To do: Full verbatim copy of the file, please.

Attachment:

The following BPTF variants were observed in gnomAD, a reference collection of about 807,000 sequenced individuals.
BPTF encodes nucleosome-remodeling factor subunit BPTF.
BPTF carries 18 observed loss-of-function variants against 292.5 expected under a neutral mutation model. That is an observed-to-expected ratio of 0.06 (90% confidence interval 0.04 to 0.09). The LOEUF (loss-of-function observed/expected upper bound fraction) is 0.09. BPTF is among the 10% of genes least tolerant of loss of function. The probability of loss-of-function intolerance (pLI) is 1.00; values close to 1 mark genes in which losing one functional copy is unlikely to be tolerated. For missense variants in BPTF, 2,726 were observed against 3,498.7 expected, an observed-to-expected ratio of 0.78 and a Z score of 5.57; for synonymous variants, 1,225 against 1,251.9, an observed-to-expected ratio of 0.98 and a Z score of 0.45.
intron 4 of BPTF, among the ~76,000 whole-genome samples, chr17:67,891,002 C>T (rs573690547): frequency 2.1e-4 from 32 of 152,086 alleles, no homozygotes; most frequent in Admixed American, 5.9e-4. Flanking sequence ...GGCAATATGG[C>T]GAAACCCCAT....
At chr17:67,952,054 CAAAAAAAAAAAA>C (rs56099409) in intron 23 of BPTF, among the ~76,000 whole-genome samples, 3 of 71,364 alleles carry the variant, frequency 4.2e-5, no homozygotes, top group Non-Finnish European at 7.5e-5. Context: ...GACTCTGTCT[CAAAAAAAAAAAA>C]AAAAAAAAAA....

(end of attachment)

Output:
The following BPTF variants were observed in gnomAD, a reference collection of about 807,000 sequenced individuals.
BPTF encodes nucleosome-remodeling factor subunit BPTF.
BPTF carries 18 observed loss-of-function variants against 292.5 expected under a neutral mutation model. That is an observed-to-expected ratio of 0.06 (90% confidence interval 0.04 to 0.09). The LOEUF (loss-of-function observed/expected upper bound fraction) is 0.09. BPTF is among the 10% of genes least tolerant of loss of function. The probability of loss-of-function intolerance (pLI) is 1.00; values close to 1 mark genes in which losing one functional copy is unlikely to be tolerated. For missense variants in BPTF, 2,726 were observed against 3,498.7 expected, an observed-to-expected ratio of 0.78 and a Z score of 5.57; for synonymous variants, 1,225 against 1,251.9, an observed-to-expected ratio of 0.98 and a Z score of 0.45.
intron 4 of BPTF, among the ~76,000 whole-genome samples, chr17:67,891,002 C>T (rs573690547): frequency 2.1e-4 from 32 of 152,086 alleles, no homozygotes; most frequent in Admixed American, 5.9e-4. Flanking sequence ...GGCAATATGG[C>T]GAAACCCCAT....
At chr17:67,952,054 CAAAAAAAAAAAA>C (rs56099409) in intron 23 of BPTF, among the ~76,000 whole-genome samples, 3 of 71,364 alleles carry the variant, frequency 4.2e-5, no homozygotes, top group Non-Finnish European at 7.5e-5. Context: ...GACTCTGTCT[CAAAAAAAAAAAA>C]AAAAAAAAAA....